Kids in some schools are paying for lunches with their fingerprints.
Before sharing this week's New for Kids article, learn about students' familiarity with some common uses of scanner technology. Do cashiers in the grocery stores in your area use scanners to scan items that are purchased? If so, ask students to explain how that scanner technology works. Chances are their descriptions will be fairly accurate: A product is passed over the scanner, which reads the UPC bar code on the package. That bar code contains information about the product and its price. The scanner translates the code into the product price.
You might share the How UPC Bar Codes Work from the How Stuff Works Web.
After talking about the bar code scanners, ask students to identify any other places where they have encountered scanner technology. Then introduce this week's News for Kids story about some new uses for scanner technology in schools.
Introduce the words in the News Word box on the students' printable page. Ask students to use one of the words to complete each statement below.
Read the News
Click for a printable version of this week's news story Kids Buy Lunch With Finger Scans.
More Facts to Share
You might share these additional facts with students after they have read this week's news story.
Think About the News
Follow-up the reading of this week's News for Kids article by asking students to consider these questions:
Discuss the Think About the News question that appears on the students' news page. You might use the think-pair-share strategy to discuss this question with students. If you use this strategy
Root words (base words). Ask students to circle each of these words on a copy of this week's News for Kids article:
Then have students write down the list of words. Then challenge them to write the root word (or base word) next to each word. Root words appear here in italic type: colleges (college), deducts (deduct), faster (fast), losing (lose), lunches (lunch), passes (pass), places (place), punched (punch), remembers (remember), and scanners (scan).
Acronyms. Introduce the concept of acronyms. Point out this sentence from this week's News for Kids article:
Before the scanners were put into place, students punched a secret PIN number into a machine.
Ask students if they know what a PIN number is. In this sentence, PIN is an abbreviation, or acronym, for Personal Identification Number. Write the following acronyms on a board or chart and ask students if they are familiar with and can identify what they letters stand for in any of them.
AC (Air Conditioning), AOL (America Online), ASAP (As Soon As Possible), ATM (Automated Teller Machine), B&B (Bed and Breakfast), BLT (Bacon, Lettuce, Tomato), EMT (Emergency Medical Technician), EST (Eastern Standard Time), ET (Extra Terrestrial), FBI (Federal Bureau of Investigation), HBO (Home Box Office), HP (Hewlett Packard), IOU (I Owe You), KFC (Kentucky Fried Chicken), LOL (Laughing Out Loud), MPG (Miles Per Gallon), NASCAR (National Association for Stock Car Auto Racing), NFL (National Football League), NYC (New York City), PBJ (Peanut Butter and Jelly), PR (Public Relations), Q&A (Question and Answer), RN (Registered Nurse), RV (Recreational Vehicle), TD (Touchdown), UPS (United Parcel Service), VW (Volkswagen), and WWF (World Wildlife Fund or World Wrestling Federation).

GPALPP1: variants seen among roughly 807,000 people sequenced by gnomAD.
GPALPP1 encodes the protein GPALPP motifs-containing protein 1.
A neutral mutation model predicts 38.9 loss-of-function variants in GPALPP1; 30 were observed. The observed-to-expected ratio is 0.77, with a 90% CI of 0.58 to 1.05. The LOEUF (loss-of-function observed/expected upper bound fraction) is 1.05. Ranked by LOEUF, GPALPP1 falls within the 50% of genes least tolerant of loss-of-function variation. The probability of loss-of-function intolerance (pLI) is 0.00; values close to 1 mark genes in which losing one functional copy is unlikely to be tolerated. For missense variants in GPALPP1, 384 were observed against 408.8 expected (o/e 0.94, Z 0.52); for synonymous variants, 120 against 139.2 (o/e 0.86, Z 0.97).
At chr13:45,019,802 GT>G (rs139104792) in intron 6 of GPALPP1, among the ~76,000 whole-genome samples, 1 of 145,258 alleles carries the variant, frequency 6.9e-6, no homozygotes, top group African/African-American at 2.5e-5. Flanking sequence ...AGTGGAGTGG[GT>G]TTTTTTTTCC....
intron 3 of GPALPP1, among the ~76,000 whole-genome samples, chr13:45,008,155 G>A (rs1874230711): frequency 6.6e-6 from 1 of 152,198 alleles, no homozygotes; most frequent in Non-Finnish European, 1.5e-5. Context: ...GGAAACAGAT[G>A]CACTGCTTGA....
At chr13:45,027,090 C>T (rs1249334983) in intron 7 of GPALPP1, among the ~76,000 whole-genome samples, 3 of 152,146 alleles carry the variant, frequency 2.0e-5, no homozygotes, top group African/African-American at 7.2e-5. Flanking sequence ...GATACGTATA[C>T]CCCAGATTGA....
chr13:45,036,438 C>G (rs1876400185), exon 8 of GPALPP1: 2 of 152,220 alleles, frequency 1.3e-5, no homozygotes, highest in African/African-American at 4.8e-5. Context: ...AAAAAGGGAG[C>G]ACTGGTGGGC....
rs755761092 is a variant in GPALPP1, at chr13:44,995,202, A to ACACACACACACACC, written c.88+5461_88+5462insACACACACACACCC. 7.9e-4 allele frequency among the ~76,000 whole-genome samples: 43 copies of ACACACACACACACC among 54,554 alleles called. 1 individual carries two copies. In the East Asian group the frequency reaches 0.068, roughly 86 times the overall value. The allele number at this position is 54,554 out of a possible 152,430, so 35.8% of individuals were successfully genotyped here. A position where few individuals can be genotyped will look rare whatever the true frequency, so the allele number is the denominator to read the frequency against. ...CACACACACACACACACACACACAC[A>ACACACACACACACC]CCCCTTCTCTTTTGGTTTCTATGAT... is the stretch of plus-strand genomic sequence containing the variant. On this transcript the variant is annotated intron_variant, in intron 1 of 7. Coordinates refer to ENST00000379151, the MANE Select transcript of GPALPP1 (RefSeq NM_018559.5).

If your students are more advanced, they might know some of the acronyms that follow. You might even pair up students and give them the list; see how many they can correctly identify.
4WD (Four-Wheel Drive), A&E (Arts and Entertainment), AAA (American Automobile Association), ABC (American Broadcasting Corporation), ABS (Anti-Lock Braking System), ADHD (Attention Deficit Hyperactivity Disorder), AKA (Also Known As), APR (Annual Percentage Rate), ATV (All Terrain Vehicle), B2B (Business to Business), CD (Certificate of Deposit), CEO (Chief Executive Officer), CIA (Central Intelligence Agency), CK (Calvin Klein), CNN (Cable News Network), CPR (Cardiopulmonary Resuscitation), CSI (Crime Scene Investigation), DC (District of Columbia), DSL (Digital Subscriber Line), DWI (Driving While Intoxicated), EPA (Environmental Protection Agency), ESPN (Entertainment and Sports Programming Network), FCC (Federal Communications Commission), FDA (Food and Drug Administration), FDR (Franklin Delano Roosevelt), FEMA (Federal Emergency Management Agency), FYI (For Your Information), GM (General Manager, General Motors, or General Mills), GNP (Gross National Product), GOP (Grand Old Party [Republican Party]), GPA (Grade Point Average), GPS (Global Positioning System), GQ (Gentleman's Quarterly), HMO (Health Maintenance Organization), HTML (Hyper Text Mark-up Language), IBM (International Business Machines Corporation), ICU (Intensive Care Unit), ISP (Internet Service Provider), JFK (John Fitzgerald Kennedy), LA (Los Angeles), NASA (National Aeronautics and Space Administration), NBA (National Basketball Association), NCAA (National Collegiate Athletic Association), NOW (National Organization for Women), PC (Politically Correct), PS (Post Script), PSI (Pounds Per Square Inch), PTA (Parent-Teacher Association), R&R (Rest and Relaxation), RAM (Random Access Memory), RBI (Runs Batted In [baseball]), RIP (Rest in Peace), SAT (Scholastic Aptitude Test), SCUBA (Self-Contained Underwater Breathing Apparatus), SKU (Stock Keeping Unit), SWAT (Special Weapons and Tactics), TGIF (Thank God It's Friday), WWW (World Wide Web).
Have students work on their own (in their journals) or in their small groups to respond to the Think About the News questions on the news story page or in the Comprehension Check section.
Lesson Plan SourceEducation World
GRADES K - 12
NT.K-12.2 Social, Ethical, and Human Issues
See recent news stories in Education World's News Story of the Week Archive.
Article by Gary Hopkins
Copyright © 2006 Education World